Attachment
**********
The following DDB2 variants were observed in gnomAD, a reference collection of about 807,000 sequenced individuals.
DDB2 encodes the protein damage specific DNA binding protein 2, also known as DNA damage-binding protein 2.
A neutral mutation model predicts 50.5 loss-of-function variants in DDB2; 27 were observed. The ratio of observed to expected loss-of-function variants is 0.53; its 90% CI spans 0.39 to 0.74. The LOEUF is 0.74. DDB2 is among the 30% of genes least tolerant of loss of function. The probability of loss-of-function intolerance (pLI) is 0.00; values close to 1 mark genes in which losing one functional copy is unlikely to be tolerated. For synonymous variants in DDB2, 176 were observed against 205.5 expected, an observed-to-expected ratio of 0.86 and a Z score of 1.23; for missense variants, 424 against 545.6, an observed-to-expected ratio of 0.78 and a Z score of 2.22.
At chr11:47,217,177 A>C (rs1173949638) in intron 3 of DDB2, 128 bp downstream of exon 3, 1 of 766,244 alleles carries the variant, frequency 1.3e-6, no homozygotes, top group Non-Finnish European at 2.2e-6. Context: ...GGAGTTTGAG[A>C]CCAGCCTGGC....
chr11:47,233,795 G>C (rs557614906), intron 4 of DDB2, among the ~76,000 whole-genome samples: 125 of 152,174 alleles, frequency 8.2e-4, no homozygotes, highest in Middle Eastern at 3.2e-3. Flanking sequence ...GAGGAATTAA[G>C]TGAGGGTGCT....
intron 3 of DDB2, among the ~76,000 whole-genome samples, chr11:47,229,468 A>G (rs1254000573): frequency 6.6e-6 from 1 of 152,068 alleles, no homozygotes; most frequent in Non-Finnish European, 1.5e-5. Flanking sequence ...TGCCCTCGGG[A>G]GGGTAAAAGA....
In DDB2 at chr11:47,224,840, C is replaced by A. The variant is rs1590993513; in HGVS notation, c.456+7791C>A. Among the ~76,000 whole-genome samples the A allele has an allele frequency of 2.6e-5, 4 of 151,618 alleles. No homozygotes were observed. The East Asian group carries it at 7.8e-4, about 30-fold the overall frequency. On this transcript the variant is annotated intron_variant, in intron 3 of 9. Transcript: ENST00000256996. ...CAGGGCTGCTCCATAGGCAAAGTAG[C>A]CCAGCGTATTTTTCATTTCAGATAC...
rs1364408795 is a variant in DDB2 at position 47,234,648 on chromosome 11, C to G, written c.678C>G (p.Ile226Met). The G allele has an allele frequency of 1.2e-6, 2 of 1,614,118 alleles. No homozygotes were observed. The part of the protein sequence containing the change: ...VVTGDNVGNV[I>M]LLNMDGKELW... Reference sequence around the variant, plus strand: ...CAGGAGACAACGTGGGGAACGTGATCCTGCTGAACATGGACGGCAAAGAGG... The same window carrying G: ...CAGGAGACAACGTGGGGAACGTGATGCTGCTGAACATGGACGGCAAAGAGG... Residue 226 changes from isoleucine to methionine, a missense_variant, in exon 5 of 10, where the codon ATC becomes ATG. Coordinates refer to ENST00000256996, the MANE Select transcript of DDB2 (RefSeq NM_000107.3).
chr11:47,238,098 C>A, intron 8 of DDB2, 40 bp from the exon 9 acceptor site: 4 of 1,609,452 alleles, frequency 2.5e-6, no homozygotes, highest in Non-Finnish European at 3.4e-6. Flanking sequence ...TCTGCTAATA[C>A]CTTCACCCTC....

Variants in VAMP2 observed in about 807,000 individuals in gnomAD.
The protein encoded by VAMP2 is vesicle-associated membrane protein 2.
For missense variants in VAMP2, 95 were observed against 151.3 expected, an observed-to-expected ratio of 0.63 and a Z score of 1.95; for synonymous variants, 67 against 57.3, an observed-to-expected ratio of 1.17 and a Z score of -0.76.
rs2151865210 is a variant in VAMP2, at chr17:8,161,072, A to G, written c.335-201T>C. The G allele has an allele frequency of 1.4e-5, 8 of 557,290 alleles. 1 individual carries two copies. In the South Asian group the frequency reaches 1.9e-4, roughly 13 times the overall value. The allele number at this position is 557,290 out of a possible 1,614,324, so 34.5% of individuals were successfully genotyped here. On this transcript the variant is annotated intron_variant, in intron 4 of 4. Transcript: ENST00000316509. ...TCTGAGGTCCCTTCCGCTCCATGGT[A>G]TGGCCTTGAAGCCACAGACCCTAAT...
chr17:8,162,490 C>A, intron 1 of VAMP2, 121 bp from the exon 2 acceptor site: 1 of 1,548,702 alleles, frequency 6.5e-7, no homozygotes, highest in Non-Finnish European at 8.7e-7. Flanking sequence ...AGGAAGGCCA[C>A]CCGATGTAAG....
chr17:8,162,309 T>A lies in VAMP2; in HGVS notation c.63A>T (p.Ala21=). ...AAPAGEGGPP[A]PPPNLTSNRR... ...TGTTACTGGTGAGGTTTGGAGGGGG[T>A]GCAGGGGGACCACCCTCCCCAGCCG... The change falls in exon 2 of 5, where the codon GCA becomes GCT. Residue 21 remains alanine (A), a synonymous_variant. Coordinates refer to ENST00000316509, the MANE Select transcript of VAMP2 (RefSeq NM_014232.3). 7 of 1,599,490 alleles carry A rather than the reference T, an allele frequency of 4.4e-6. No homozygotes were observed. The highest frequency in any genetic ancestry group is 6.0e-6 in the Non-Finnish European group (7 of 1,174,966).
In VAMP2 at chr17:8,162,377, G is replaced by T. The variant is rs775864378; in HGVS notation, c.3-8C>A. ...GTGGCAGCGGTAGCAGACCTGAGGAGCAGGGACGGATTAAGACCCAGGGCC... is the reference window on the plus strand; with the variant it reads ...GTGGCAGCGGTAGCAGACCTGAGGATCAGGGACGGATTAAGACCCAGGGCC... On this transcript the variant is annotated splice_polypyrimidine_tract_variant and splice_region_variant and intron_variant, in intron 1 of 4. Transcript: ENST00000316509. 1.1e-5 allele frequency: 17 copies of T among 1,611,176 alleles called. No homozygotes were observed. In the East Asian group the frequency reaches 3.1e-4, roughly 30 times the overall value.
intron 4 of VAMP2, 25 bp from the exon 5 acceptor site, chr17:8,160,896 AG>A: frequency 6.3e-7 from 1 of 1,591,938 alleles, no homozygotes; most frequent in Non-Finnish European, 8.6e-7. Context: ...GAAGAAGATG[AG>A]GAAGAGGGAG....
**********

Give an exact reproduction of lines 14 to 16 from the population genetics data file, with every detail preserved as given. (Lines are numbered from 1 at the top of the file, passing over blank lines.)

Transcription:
chr17:8,162,490 C>A, intron 1 of VAMP2, 121 bp from the exon 2 acceptor site: 1 of 1,548,702 alleles, frequency 6.5e-7, no homozygotes, highest in Non-Finnish European at 8.7e-7. Flanking sequence ...AGGAAGGCCA[C>A]CCGATGTAAG....
chr17:8,162,309 T>A lies in VAMP2; in HGVS notation c.63A>T (p.Ala21=). ...AAPAGEGGPP[A]PPPNLTSNRR... ...TGTTACTGGTGAGGTTTGGAGGGGG[T>A]GCAGGGGGACCACCCTCCCCAGCCG... The change falls in exon 2 of 5, where the codon GCA becomes GCT. Residue 21 remains alanine (A), a synonymous_variant. Coordinates refer to ENST00000316509, the MANE Select transcript of VAMP2 (RefSeq NM_014232.3). 7 of 1,599,490 alleles carry A rather than the reference T, an allele frequency of 4.4e-6. No homozygotes were observed. The highest frequency in any genetic ancestry group is 6.0e-6 in the Non-Finnish European group (7 of 1,174,966).
In VAMP2 at chr17:8,162,377, G is replaced by T. The variant is rs775864378; in HGVS notation, c.3-8C>A. ...GTGGCAGCGGTAGCAGACCTGAGGAGCAGGGACGGATTAAGACCCAGGGCC... is the reference window on the plus strand; with the variant it reads ...GTGGCAGCGGTAGCAGACCTGAGGATCAGGGACGGATTAAGACCCAGGGCC... On this transcript the variant is annotated splice_polypyrimidine_tract_variant and splice_region_variant and intron_variant, in intron 1 of 4. Transcript: ENST00000316509. 1.1e-5 allele frequency: 17 copies of T among 1,611,176 alleles called. No homozygotes were observed. In the East Asian group the frequency reaches 3.1e-4, roughly 30 times the overall value.